Hybrid vehicles are increasing in popularity. Hybrid vehicles generally have two power sources. The internal combustion engine is a first power source and an electric motor is a second power source. The electric motor is used as a power source in city driving where vehicle kinetic energy can be recovered by regenerative braking, converted to electric and chemical form, and stored in a battery, from which the motor is driven. The internal combustion engine is most suitable in highway driving, during which wheel braking and opportunities for energy recovery are infrequent, and the engine operates at its greatest efficiency.
In mixed driving conditions, the electric motor and combustion engine may be used together to transmit power to a transmission input shaft, depending on driving conditions and the magnitude of the battery capacity.
Typically, an engine includes a separate starter motor used for starting the engine when the engine is stopped. Reducing the amount of components in a vehicle reduces the vehicle weight and, therefore, increases the overall range or gas mileage of the vehicle.
The present disclosure eliminates a conventional starter motor from the vehicle and uses the hybrid electric motor and actuators to start the engine of the vehicle.
In one aspect of the disclosure, a clutch assembly includes a clutch assembly including a first housing comprising a first clutch, a first clutch actuator and a second housing having the first clutch actuator at least partially disposed therein so that said first clutch actuator selectively engages the first clutch.
The clutch assembly may be incorporated into a transmission having at least one electric motor therein. the motors may be used to operate a hybrid electric vehicle.
Further areas of applicability of the present disclosure will become apparent from the detailed description provided hereinafter. It should be understood that the detailed description and specific examples are intended for purposes of illustration only and are not intended to limit the scope of the disclosure.
BRIEF DESCRIPTION OF THE DRAWINGS
The present disclosure will become more fully understood from the detailed description and the accompanying drawings, wherein:
FIG. 1 is a functional block diagram of an exemplary engine system according to the principles of the present disclosure;
FIG. 2 is a block diagrammatic view of a hybrid vehicle system;
FIG. 3 is an end view of a transmission according to the present disclosure;
FIG. 4 is a cutaway view of a transmission wherein the transmission is in the off state and the transmission is starting the engine;
FIG. 5 is a cutaway view of a transmission for the clutch positions after starting of the vehicle;
FIG. 6 is a cross-sectional view of a secondary housing according to the present disclosure; and
FIG. 7 is a flowchart of a method for starting a hybrid vehicle using the hybrid transmission.
The following description is merely exemplary in nature and is in no way intended to limit the disclosure, its application, or uses. For purposes of clarity, the same reference numbers will be used in the drawings to identify similar elements. As used herein, the phrase at least one of A, B, and C should be construed to mean a logical (A or B or C), using a non-exclusive logical or. It should be understood that steps within a method may be executed in different order without altering the principles of the present disclosure.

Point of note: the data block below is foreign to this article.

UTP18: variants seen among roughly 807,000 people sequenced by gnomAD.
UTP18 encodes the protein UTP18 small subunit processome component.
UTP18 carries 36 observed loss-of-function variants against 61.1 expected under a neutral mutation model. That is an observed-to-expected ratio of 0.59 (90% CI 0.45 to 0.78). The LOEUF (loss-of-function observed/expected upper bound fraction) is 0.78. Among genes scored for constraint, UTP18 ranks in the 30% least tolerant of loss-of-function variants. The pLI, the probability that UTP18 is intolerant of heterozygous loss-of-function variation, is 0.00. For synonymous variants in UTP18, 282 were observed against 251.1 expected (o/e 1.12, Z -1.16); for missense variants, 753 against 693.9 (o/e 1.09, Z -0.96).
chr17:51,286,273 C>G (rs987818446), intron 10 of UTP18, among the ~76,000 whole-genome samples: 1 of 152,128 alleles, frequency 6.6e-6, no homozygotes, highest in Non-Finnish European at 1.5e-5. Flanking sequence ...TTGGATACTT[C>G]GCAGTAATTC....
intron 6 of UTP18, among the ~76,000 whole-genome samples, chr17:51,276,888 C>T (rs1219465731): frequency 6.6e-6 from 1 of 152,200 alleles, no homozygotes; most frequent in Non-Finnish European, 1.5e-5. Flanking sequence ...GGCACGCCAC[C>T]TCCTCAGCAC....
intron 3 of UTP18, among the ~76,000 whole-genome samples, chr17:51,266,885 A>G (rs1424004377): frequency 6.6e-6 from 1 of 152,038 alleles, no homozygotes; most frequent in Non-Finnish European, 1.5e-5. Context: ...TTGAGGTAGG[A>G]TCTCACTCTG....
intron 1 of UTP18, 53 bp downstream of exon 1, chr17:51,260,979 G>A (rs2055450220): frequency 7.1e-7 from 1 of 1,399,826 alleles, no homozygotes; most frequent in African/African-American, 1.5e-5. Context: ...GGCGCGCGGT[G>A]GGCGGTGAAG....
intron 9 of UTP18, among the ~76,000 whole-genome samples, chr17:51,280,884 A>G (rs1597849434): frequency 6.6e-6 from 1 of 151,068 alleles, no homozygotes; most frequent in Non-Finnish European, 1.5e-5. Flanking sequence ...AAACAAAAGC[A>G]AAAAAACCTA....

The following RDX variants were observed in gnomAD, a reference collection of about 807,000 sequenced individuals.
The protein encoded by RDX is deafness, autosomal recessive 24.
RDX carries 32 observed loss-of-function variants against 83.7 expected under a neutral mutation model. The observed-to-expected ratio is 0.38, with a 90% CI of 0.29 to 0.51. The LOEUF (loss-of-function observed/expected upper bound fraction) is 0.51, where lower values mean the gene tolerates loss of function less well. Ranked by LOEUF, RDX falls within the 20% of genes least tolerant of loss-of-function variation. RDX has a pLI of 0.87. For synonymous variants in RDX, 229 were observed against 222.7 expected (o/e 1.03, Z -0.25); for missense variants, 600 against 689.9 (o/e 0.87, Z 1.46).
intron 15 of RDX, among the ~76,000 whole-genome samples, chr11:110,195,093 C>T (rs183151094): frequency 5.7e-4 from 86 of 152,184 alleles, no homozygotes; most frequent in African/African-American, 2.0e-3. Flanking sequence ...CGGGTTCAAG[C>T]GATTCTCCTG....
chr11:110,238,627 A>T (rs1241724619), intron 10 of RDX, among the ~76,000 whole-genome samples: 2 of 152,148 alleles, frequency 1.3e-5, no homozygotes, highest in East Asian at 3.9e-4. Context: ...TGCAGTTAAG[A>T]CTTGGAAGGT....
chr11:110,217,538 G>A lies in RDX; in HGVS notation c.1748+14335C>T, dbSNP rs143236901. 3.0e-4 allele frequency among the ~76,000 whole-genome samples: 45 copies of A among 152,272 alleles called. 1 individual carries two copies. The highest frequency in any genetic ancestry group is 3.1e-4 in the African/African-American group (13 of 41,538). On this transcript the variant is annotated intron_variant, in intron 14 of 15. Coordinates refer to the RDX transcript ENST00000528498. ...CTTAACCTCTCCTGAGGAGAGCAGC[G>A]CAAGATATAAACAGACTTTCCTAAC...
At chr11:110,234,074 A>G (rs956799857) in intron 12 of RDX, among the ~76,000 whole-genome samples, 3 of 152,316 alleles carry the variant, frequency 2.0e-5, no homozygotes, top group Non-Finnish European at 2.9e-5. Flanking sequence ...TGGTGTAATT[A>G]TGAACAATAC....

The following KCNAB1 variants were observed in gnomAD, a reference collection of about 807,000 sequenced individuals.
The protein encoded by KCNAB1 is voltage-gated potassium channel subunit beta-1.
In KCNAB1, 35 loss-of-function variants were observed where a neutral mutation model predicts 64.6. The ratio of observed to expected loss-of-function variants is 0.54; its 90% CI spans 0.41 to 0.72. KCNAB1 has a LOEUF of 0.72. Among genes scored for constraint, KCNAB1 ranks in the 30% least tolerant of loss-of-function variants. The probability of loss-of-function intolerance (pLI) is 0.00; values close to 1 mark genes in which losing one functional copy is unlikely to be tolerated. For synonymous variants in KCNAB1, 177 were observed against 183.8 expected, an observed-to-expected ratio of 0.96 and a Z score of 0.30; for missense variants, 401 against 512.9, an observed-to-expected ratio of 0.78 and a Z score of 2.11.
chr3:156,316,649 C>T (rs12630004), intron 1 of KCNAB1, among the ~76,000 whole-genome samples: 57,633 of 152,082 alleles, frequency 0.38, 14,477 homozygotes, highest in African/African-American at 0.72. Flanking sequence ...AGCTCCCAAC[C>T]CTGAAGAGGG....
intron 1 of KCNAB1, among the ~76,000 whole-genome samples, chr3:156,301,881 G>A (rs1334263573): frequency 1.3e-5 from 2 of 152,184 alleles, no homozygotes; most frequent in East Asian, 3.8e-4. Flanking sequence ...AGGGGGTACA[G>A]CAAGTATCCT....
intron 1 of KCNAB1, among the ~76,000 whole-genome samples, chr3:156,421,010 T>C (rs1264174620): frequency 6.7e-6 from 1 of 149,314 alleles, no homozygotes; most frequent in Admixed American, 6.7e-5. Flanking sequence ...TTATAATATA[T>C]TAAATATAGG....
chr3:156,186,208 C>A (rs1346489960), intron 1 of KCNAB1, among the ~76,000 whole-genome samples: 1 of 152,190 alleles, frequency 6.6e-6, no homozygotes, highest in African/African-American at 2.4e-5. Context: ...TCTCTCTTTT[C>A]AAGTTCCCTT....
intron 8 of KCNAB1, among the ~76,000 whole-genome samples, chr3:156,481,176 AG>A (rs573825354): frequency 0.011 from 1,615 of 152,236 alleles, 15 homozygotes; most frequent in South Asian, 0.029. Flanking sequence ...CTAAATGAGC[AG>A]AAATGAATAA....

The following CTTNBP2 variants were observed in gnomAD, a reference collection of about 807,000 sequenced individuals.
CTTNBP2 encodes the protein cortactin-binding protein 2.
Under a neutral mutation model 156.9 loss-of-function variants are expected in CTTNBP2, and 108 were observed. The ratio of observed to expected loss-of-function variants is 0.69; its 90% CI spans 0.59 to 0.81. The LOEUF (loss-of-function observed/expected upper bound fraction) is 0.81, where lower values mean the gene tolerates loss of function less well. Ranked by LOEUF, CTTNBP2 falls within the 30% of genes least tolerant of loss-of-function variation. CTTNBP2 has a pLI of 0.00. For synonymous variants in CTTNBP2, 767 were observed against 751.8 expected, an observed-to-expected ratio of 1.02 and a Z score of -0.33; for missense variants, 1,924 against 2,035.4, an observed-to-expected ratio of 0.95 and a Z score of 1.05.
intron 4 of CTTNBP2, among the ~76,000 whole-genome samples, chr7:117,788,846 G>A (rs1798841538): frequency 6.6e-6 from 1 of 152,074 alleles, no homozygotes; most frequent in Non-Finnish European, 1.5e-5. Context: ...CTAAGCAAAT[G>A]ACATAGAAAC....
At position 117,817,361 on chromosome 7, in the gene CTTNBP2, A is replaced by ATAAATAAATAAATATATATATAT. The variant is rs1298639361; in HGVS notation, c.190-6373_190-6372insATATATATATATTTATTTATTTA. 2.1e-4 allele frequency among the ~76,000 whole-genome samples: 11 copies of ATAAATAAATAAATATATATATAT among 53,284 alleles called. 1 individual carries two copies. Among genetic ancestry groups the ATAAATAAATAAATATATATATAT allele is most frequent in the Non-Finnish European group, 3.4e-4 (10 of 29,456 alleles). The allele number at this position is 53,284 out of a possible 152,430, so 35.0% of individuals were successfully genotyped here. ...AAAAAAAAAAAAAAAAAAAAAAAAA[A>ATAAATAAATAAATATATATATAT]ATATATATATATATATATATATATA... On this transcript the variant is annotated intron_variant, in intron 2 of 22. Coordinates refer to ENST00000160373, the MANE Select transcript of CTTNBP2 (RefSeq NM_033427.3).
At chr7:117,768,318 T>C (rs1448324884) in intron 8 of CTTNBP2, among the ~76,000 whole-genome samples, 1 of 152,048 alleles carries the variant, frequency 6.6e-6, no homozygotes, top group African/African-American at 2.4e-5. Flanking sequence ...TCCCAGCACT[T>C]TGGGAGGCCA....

As used herein, the term module refers to an Application Specific Integrated Circuit (ASIC), an electronic circuit, a processor (shared, dedicated, or group) and memory that execute one or more software or firmware programs, a combinational logic circuit, and/or other suitable components that provide the described functionality.
Referring now to FIG. 1, a functional block diagram of an exemplary engine system 100 is presented. The engine system 100 includes an engine 102 that combusts an air/fuel mixture to produce drive torque for a vehicle based on a driver input module 104. Air is drawn into an intake manifold 110 through a throttle valve 112. For example only, the throttle valve 112 may include a butterfly valve having a rotatable blade. An engine control module (ECM) 114 controls a throttle actuator module 116, which regulates opening of the throttle valve 112 to control the amount of air drawn into the intake manifold 110.
Air from the intake manifold 110 is drawn into cylinders of the engine 102. While the engine 102 may include multiple cylinders, for illustration purposes a single representative cylinder 118 is shown. For example only, the engine 102 may include 2, 3, 4, 5, 6, 8, 10, and/or 12 cylinders. The ECM 114 may instruct a cylinder actuator module 120 to selectively deactivate some of the cylinders, which may improve fuel economy under certain engine operating conditions.
Air from the intake manifold 110 is drawn into the cylinder 118 through an intake valve 122. The ECM 114 controls a fuel actuator module 124, which regulates fuel injection to achieve a desired air/fuel ratio. Fuel may be injected into the intake manifold 110 at a central location or at multiple locations, such as near the intake valve of each of the cylinders. In various implementations not depicted in FIG. 1, fuel may be injected directly into the cylinders or into mixing chambers associated with the cylinders. The fuel actuator module 124 may halt injection of fuel to cylinders that are deactivated.
The injected fuel mixes with air and creates an air/fuel mixture in the cylinder 118. A piston (not shown) within the cylinder 118 compresses the air/fuel mixture. Based upon a signal from the ECM 114, a spark actuator module 126 energizes a spark plug 128 in the cylinder 118, which ignites the air/fuel mixture. The timing of the spark may be specified relative to the time when the piston is at its topmost position, referred to as top dead center (TDC).